So, reading the linked LTP's impassioned plea for NU fans to get out to Ryan Field, I started to wonder whether or not this sort of thing would stop happening in Ann Arbor. It happens far less often and on a far lesser scale, proportionally, than it does in Evanston. However, there is no excuse for the number of Spartan and Buckeye fans that have invaded the Big House in recent years.

We won't truly find out until 2013's home slate, but this year's Michigan State game will prove to be a solid litmus test in this regard, especially if Michigan happens to roll into this game with 2 losses (Alabama and ND). We all know that Spartan fans will be dying to show up to the Big House en masse this year given that MSU has the chance to win its 5th in a row, and a 2-loss Michigan team will definitely test the resolve of lesser Michigan fans (unfortunately, there are more of this type of fan than you'd think). You'd think that the success of an 11-win season would be enough to keep even the bandwagoniest fans from selling their tickets to someone wearing green, but you never know. I guess we'll find out on October 20th.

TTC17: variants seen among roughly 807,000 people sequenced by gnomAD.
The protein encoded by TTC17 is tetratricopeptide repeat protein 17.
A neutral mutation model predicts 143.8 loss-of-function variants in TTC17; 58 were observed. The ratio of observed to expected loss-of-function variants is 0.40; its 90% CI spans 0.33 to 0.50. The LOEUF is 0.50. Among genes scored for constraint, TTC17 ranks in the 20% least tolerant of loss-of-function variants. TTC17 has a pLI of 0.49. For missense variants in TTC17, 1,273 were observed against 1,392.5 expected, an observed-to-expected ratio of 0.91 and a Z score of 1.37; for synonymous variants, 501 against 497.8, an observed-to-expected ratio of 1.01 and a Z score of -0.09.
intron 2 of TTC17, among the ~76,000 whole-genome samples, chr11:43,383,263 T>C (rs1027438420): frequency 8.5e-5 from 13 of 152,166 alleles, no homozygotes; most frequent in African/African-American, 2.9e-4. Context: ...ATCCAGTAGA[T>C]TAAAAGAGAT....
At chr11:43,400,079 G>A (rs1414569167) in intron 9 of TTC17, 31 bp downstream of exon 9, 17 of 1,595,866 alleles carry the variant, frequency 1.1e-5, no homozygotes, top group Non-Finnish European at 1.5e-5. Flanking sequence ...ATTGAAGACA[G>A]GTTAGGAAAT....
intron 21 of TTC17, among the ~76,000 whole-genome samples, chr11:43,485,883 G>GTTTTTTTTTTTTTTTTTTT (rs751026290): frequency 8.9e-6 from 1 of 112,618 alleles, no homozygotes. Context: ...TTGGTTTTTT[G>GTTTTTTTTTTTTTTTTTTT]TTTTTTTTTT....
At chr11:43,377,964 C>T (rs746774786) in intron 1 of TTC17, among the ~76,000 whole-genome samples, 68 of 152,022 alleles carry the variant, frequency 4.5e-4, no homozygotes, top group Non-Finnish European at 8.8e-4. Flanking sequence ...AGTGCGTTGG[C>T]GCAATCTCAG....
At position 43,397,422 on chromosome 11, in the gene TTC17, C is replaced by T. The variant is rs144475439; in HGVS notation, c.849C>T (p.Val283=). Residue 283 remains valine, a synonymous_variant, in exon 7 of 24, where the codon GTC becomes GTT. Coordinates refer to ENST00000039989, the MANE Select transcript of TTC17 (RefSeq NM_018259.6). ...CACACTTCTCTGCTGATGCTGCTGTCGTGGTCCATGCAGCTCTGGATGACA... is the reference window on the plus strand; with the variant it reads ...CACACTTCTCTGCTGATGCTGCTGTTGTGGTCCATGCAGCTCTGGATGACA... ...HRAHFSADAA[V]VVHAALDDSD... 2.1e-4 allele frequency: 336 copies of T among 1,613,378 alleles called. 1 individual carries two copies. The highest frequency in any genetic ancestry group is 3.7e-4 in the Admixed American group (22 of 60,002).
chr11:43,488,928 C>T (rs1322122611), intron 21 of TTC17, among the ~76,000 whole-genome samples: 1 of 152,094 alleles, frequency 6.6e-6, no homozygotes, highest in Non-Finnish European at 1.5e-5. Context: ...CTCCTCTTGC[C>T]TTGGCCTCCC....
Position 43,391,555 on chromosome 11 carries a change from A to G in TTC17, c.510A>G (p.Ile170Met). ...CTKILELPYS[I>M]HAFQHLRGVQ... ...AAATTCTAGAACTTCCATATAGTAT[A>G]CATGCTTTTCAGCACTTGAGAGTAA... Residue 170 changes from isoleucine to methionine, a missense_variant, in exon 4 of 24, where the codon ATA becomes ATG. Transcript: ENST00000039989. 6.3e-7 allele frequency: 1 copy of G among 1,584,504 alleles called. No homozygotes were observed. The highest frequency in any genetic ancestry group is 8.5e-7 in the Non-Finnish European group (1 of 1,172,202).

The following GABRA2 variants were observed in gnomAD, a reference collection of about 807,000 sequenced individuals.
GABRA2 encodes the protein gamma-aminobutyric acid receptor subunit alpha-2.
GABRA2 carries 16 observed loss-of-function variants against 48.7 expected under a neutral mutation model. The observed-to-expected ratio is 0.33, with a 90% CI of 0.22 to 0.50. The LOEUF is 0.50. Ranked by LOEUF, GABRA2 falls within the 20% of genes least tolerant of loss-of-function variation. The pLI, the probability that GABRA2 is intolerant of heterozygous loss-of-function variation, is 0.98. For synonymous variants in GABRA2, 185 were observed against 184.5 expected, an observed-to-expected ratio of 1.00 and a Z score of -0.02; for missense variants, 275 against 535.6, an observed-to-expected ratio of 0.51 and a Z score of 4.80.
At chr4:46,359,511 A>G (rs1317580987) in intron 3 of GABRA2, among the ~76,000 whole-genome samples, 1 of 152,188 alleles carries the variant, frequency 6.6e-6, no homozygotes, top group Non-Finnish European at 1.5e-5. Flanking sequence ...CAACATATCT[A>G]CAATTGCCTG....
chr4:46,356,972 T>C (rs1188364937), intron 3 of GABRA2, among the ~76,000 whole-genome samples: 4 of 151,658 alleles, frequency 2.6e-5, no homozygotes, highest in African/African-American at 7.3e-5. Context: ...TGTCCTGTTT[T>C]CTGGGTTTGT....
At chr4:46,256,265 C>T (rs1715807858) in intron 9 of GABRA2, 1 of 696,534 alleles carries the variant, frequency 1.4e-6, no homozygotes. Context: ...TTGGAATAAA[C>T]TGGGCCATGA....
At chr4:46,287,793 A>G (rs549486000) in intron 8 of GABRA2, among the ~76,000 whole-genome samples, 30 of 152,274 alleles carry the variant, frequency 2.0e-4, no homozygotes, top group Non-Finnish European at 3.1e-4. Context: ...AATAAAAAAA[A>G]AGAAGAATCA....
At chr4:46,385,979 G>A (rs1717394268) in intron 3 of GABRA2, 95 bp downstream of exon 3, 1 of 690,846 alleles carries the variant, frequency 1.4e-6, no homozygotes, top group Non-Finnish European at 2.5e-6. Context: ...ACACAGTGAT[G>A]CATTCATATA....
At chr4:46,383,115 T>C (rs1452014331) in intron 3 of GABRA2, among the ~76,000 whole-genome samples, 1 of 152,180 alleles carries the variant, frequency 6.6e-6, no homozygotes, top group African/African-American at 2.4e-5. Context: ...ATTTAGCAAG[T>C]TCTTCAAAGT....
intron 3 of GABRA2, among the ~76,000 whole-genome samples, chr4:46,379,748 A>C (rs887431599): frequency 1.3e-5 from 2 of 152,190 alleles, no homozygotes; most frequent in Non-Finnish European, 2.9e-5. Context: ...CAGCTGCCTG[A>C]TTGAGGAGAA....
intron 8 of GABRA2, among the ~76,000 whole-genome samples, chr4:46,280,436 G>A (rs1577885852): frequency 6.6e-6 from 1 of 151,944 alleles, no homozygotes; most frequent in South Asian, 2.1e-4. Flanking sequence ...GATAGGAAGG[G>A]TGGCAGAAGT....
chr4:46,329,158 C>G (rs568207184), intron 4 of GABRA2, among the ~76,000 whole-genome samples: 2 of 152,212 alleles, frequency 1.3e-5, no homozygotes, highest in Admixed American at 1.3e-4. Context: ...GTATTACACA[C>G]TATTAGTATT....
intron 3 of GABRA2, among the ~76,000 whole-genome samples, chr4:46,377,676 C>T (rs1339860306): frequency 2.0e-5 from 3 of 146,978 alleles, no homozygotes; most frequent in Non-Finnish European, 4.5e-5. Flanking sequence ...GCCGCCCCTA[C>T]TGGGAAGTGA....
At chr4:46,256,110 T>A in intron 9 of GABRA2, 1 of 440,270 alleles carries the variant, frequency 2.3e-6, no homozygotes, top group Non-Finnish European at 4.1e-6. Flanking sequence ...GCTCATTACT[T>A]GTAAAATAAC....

MnB's Zach Travis interviews BHGP's Patrick Vint. An all-around excellent interview at Maize n Brew, one that gives a pretty excellent picture of where Iowa football is at right now. The apex was of course the 2002-2004 run of top 10 finishes, but since then Iowa has been fairly up and down, showing brief flashes of that old brilliance (2009). Vint on the Tao of Ferentz, which sounds a lot like Lloydball except instead of slowly bleeding away a somewhat comfortable lead all the way to an excruciating loss, Kirk seems to do pretty well: